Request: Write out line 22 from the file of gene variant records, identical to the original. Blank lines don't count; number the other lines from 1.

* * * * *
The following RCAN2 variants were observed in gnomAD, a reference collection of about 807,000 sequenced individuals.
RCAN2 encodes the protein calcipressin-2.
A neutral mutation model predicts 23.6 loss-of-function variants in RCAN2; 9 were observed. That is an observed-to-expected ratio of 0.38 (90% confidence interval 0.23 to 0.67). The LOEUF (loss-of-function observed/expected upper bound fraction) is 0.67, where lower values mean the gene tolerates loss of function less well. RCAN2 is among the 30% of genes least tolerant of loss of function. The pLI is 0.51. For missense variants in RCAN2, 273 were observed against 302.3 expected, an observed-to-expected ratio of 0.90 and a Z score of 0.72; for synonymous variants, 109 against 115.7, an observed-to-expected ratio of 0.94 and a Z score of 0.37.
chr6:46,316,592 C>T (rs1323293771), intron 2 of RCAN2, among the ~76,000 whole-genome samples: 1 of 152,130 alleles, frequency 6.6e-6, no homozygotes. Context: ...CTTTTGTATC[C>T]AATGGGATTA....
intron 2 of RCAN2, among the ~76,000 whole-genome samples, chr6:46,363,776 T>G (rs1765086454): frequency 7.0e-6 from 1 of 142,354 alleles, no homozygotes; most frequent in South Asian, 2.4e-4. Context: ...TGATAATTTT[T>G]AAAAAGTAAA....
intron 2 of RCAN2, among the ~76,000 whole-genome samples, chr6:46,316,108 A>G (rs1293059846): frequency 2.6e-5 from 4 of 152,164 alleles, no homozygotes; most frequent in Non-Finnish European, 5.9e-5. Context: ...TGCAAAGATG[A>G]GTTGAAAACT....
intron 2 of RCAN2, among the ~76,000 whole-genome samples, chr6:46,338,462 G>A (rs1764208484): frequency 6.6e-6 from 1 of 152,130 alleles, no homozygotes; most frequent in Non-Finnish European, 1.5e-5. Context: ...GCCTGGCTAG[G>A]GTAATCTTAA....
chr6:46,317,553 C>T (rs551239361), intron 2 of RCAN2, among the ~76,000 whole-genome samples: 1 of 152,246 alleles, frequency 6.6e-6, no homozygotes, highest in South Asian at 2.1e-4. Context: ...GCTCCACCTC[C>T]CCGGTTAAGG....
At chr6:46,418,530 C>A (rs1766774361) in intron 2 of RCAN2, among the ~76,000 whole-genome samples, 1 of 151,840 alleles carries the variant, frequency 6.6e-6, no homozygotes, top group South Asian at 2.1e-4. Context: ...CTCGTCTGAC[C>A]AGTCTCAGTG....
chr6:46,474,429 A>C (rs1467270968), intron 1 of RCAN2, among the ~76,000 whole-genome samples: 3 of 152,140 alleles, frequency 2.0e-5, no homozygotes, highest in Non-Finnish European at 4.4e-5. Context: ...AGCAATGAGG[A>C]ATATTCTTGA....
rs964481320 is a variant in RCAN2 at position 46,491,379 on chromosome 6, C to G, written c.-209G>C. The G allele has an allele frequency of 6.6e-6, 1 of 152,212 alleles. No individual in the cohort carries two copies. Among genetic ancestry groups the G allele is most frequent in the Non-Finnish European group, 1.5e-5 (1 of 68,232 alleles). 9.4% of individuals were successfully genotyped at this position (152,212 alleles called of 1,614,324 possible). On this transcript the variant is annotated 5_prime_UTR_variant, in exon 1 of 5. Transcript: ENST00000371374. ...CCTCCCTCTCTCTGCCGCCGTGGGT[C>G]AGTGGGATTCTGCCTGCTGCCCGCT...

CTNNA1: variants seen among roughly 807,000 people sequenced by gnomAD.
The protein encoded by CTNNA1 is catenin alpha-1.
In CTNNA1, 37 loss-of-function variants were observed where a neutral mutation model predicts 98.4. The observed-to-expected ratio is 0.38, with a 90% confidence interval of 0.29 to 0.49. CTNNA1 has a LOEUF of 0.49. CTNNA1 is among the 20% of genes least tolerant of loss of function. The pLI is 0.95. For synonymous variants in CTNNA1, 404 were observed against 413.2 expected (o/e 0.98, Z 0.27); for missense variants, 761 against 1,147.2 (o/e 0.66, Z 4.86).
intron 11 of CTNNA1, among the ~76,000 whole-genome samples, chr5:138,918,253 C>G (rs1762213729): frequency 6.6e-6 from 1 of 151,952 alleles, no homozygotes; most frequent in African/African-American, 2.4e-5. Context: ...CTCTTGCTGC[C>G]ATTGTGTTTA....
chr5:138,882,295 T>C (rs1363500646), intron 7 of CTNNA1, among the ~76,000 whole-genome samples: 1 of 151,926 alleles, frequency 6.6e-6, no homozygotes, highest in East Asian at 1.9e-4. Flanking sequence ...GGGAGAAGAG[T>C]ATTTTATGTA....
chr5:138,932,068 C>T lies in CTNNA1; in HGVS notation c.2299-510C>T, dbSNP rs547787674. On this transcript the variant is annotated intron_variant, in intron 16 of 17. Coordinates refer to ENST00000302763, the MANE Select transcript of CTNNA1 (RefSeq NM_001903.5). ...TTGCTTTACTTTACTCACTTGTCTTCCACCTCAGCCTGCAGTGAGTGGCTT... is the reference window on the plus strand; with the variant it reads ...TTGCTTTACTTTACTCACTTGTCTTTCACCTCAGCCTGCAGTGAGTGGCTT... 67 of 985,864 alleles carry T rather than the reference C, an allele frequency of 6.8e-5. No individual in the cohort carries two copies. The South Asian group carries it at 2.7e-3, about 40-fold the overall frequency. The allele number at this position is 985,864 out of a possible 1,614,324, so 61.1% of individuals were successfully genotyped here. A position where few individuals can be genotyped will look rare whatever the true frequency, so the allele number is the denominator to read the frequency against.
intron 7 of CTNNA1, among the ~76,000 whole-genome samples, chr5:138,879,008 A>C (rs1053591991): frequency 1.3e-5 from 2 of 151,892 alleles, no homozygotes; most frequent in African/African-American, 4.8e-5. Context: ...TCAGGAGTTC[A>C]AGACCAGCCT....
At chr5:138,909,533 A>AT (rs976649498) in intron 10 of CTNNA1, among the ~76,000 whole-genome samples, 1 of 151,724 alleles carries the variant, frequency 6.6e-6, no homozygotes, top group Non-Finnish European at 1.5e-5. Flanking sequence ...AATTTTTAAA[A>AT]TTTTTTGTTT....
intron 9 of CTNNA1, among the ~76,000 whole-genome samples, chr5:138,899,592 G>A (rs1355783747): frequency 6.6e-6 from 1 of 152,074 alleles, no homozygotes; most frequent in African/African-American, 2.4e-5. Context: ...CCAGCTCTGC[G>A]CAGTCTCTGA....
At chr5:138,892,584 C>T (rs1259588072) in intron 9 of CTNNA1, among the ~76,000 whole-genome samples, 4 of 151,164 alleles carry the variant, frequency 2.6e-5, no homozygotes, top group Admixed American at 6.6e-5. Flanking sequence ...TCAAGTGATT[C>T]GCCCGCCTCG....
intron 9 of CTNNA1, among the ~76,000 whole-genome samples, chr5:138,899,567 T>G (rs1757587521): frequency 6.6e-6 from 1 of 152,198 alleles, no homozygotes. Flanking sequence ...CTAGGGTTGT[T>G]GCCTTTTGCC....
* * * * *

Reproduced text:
intron 9 of CTNNA1, among the ~76,000 whole-genome samples, chr5:138,899,567 T>G (rs1757587521): frequency 6.6e-6 from 1 of 152,198 alleles, no homozygotes. Flanking sequence ...CTAGGGTTGT[T>G]GCCTTTTGCC....